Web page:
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Paris' Christmas Market |© Wikimedia Commons
Paris' Christmas Market |© Wikimedia Commons

Why Paris is Shutting Down These Major Tourist Attractions

Picture of Jade Cuttle
Updated: 17 November 2017

Not only has Paris’ famous Christmas Market been canceled, despite it dazzling over 15 million visitors to the Champs-Elysées each year, but now the huge Ferris wheel that has livened up the Place de la Concorde for years looks set to be torn down too. 

The Marché de Noël of Paris is one of the most famous markets in the world, whose a spectacular bustle of festive stalls offering gourmet tastings and gorgeous souvenirs has been a (literal) highlight of the 8th arrondissement since 2000. It’s a stunning experience whether you expect to part with your centimes or not, as more than 4oo illuminated Christmas trees with incredible decorations line the 2.5 kilometer stretch of designer boutiques.

While the decision to put an end to this festive delight has been buzzing around since June—there’s been a six-month warning—what Parisians weren’t anticipating were the plans to tear down the big Ferris wheel on Place de la Concorde (Le Grand Roue de Paris) as well, announced only this week.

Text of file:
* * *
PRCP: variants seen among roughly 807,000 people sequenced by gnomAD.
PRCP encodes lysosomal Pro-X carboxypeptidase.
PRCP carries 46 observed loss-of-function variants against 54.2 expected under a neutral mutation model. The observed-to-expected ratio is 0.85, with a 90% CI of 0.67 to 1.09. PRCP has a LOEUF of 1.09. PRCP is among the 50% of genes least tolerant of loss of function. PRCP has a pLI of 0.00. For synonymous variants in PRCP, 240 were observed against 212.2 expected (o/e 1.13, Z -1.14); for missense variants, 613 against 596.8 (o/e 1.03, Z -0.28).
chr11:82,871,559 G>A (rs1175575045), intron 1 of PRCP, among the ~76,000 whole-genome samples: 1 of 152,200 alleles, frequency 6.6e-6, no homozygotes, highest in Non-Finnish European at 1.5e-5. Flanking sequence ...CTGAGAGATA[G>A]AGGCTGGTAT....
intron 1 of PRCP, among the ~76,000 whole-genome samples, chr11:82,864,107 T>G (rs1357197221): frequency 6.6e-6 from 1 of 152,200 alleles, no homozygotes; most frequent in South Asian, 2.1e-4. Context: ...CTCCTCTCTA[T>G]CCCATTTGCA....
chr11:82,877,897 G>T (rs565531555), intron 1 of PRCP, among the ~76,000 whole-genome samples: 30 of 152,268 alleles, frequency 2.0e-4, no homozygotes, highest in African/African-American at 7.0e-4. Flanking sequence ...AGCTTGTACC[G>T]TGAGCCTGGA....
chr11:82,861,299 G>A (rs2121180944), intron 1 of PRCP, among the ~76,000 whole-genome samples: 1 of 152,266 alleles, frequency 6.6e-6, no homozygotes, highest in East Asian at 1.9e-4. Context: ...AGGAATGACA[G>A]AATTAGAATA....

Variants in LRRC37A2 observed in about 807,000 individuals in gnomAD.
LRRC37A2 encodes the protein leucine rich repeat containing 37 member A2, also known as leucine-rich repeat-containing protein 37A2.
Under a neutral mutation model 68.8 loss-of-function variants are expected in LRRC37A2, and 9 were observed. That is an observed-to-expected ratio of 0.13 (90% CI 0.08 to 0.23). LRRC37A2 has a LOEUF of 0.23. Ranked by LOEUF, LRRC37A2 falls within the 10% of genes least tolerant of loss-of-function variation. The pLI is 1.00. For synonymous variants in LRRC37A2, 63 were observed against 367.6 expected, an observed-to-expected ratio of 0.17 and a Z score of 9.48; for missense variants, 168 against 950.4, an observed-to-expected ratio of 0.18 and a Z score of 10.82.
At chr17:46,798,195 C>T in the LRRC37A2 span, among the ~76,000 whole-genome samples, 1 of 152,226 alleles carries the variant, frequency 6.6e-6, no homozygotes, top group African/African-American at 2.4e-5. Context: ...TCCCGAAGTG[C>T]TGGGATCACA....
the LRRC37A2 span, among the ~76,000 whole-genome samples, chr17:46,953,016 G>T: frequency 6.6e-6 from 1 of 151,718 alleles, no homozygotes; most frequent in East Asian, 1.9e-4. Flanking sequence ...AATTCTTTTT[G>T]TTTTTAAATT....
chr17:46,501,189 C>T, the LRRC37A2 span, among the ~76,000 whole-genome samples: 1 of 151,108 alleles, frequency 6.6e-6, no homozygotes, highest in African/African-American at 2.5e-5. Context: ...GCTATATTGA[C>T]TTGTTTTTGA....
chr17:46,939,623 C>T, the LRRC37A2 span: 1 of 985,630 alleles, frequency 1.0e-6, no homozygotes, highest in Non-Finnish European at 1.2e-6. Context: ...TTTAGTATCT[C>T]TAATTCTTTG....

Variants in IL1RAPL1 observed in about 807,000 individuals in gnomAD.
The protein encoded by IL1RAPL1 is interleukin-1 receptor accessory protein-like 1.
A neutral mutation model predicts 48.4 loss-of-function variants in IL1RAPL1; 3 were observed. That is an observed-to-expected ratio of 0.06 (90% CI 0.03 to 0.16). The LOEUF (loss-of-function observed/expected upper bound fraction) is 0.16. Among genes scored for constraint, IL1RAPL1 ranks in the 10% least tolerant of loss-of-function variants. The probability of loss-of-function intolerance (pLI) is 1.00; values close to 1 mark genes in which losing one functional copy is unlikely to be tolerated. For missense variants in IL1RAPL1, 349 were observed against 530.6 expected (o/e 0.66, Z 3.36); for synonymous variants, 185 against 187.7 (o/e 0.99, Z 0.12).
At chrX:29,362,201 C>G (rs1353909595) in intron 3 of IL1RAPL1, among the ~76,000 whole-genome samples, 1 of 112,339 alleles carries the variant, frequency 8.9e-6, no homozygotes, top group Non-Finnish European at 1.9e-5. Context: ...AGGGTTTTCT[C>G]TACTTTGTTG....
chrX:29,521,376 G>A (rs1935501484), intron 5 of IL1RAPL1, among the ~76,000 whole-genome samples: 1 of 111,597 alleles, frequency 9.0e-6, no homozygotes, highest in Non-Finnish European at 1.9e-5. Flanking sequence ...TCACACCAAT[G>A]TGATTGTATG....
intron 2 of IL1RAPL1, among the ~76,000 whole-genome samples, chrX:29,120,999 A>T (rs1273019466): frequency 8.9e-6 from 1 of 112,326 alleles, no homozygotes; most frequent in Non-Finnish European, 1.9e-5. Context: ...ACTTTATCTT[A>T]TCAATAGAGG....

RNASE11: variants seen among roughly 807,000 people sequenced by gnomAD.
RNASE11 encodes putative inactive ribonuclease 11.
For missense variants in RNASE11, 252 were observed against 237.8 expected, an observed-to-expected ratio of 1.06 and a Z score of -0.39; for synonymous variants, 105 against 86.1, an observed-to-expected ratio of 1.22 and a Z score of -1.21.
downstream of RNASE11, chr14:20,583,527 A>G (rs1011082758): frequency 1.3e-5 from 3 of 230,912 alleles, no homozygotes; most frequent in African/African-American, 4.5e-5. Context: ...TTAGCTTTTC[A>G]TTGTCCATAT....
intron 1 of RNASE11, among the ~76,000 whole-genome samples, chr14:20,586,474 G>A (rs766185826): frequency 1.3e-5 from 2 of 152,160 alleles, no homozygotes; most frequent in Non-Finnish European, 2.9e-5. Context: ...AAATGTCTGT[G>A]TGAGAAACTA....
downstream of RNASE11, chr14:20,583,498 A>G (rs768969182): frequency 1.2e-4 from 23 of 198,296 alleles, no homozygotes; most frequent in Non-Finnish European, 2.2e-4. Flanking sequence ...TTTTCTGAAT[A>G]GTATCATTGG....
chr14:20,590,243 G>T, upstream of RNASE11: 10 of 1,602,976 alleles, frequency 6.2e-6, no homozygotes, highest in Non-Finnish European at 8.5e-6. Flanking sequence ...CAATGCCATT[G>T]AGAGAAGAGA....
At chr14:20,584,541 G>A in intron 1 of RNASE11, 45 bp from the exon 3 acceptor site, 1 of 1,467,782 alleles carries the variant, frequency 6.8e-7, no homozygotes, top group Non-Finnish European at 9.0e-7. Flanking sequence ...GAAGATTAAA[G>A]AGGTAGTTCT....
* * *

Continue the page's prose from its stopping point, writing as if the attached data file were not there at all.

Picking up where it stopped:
But these decisions made by the mayor of Paris, Anne Hidalgo, are not just the result of a grumpy lack of Christmas spirit. The City Hall says the mayor wants Place de la Concorde (and in turn, Paris as a city) to rediscover “the character of its heritage,” its true inner beauty without the blemish of inauthenticity.

Indeed, a brief history of the Ferris wheel dates back to 1890s Chicago when architect Daniel Burnham was charged with designing a world-dazzling showpiece to rival Paris’ very own Eiffel Tower.

The plans to put a stop to these major attractions—that both tourists and locals alike have come to love—will no doubt dampen the festive spirit of many people hoping to visit over the Winter season (and beyond, as the Ferris wheel usually stays up for six months). However, there is a valid point behind these decisions.

A representative from City Hall, Jean-François Martins, argued that this Christmas market “wasn’t good enough for Paris” and that most of the items on sale aren’t authentic to French culture. In fact, investigations have shown that many of them are made in China and relabelled dishonestly.

In any case, there are plenty of other festive events happening in Paris this Winter season, including smaller-scale Christmas markets by the Notre Dame Cathedral and Montmartre’s Place des Abesses.